• Seagulls dropping clams: Where do you think the seagulls picked up the clams from before dropping them onto rocks?
  • Woodpecker using a hammer: When the woodpecker makes holes in trees to find food, the holes are left behind. What do you think the holes do to the tree?
  • Chimpanzee using a stick: What do you think happens to the termite nest when the chimpanzee uses the stick to dig for ants?
  • Person plowing the field: When the cows pull the plow in the field, what happens to the soil?

Summarize by asking students to brainstorm a list of different ways that animals or plants change where they live. Record their list on a piece of chart paper.

Figure 4
Figure 5


Using a series of short videos (see Internet Resources), students examine different ways that animals and plants can change their environment. The short videos provide visual evidence and some explanation as to how the environment is changed. Using stations set up around the room with the necessary technology (such as tablets or computers) or facilitating this as a whole-class activity, ask students to watch each short video and complete the information on the Plants and Animals Can Change Their World Student Data Sheet (see NSTA Connection). While students watch the videos, use the following questions to help focus them.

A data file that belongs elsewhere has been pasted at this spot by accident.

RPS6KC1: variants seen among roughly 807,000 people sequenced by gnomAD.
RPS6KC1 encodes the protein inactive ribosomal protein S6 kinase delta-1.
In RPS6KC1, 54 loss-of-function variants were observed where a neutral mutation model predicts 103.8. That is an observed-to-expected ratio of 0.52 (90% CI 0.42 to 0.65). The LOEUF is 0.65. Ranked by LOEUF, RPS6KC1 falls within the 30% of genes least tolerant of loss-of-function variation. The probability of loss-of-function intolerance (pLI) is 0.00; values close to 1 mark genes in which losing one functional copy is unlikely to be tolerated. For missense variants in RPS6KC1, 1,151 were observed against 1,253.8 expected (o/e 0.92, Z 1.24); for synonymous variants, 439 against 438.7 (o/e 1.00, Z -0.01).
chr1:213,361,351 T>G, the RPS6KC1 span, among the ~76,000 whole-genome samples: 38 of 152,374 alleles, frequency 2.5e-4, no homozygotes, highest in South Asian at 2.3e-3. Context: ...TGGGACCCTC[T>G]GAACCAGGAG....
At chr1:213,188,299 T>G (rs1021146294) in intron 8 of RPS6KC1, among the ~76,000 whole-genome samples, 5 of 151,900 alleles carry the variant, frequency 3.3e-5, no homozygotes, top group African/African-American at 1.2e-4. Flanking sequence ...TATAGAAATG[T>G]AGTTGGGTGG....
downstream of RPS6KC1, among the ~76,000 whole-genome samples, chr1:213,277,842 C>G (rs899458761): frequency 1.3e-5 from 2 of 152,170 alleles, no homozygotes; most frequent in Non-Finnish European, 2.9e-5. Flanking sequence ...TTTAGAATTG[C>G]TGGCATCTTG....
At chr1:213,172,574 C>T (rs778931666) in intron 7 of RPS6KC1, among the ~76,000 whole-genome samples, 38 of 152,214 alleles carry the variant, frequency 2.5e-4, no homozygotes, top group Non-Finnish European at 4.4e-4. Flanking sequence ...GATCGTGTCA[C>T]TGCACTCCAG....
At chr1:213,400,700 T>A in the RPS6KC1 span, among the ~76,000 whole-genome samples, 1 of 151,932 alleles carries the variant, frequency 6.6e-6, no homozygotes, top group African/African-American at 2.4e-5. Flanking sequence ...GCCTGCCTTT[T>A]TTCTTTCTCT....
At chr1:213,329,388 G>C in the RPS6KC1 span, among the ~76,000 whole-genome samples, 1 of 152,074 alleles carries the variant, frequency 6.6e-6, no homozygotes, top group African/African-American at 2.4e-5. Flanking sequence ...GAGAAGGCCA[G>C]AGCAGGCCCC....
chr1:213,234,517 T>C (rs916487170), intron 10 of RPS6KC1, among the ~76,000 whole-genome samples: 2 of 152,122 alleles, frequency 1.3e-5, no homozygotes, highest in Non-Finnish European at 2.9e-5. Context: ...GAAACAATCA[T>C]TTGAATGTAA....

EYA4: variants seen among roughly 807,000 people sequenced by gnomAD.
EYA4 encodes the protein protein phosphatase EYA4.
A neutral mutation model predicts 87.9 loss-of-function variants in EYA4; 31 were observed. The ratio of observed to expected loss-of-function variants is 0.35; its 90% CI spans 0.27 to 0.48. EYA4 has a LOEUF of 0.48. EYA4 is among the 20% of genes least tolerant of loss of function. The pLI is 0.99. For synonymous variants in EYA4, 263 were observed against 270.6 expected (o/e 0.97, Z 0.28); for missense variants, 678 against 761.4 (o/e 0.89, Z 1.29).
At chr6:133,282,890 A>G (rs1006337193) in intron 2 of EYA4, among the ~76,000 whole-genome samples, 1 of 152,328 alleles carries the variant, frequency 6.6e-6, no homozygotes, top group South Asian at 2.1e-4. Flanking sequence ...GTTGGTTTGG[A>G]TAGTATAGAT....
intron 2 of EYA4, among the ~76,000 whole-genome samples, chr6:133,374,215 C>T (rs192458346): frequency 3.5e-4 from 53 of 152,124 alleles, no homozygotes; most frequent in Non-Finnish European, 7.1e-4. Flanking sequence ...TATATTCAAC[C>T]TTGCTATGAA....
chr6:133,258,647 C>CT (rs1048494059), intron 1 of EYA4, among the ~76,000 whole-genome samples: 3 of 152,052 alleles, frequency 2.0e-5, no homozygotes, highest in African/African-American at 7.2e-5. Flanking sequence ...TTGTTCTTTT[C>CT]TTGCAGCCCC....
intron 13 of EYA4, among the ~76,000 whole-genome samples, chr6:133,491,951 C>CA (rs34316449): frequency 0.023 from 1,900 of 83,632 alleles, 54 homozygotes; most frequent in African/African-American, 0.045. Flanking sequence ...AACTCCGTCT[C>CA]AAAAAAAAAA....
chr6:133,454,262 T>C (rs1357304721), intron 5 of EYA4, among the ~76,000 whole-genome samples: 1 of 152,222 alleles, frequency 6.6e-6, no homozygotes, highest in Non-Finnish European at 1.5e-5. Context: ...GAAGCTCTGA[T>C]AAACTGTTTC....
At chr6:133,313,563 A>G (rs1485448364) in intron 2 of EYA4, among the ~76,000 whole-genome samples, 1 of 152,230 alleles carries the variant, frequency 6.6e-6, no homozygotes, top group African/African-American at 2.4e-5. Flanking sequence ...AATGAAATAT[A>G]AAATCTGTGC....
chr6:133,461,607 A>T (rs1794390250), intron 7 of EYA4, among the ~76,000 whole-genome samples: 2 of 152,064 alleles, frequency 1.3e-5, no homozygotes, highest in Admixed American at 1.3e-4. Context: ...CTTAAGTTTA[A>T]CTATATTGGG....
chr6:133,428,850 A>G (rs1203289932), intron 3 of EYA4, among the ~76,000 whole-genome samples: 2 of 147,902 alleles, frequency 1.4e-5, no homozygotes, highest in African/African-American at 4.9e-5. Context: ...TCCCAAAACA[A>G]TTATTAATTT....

• Squirrels Burying Nuts”: Describe what you see happening in the video. When a squirrel buries a nut, what does the squirrel do to the ground? How does the process of burying change the area? What do you think would happen if the squirrel doesn’t go back to get the nut?
  • Tree Root Asphalt Driveway Damage”: Describe the ground in the video. What do you think caused the rippling in the concrete? What do you think will happen to the ground as the tree gets bigger and the roots grow?
  • Giant Gopher Digging Hole”: What do you think is moving under the grass? How do you think the gopher got there? As the gopher digs a hole, where do you think the dirt is moved to? How do you think rain would affect the dirt around the hole? What do you think could happen if there are seeds on the plants that the gopher is pulling into the hole?
  • Tree Roots Win Their Battle Against Concrete”: What made all of the different patterns that the tree roots grew around? As the roots grew, why do you think they were able to create the same pattern as the bricks or concrete? What does this tell you about where the roots grow?
  • Fooled by Nature: Beaver Dams”: How does a beaver build a dam? Why does the moving of trees affect the local area? What happens to the river when the beaver builds a dam? As the river gets dammed up, what do you think happens to the surrounding area? How does this change the environment?


Ask students to form teams of three or four, or for younger students, facilitate this activity with the whole class. Ask students to use the reverse side of their student data sheet to complete one of the following prompts. They can list key words and then verbally explain them during a conference, write out responses, or sketch ideas. The prompts are: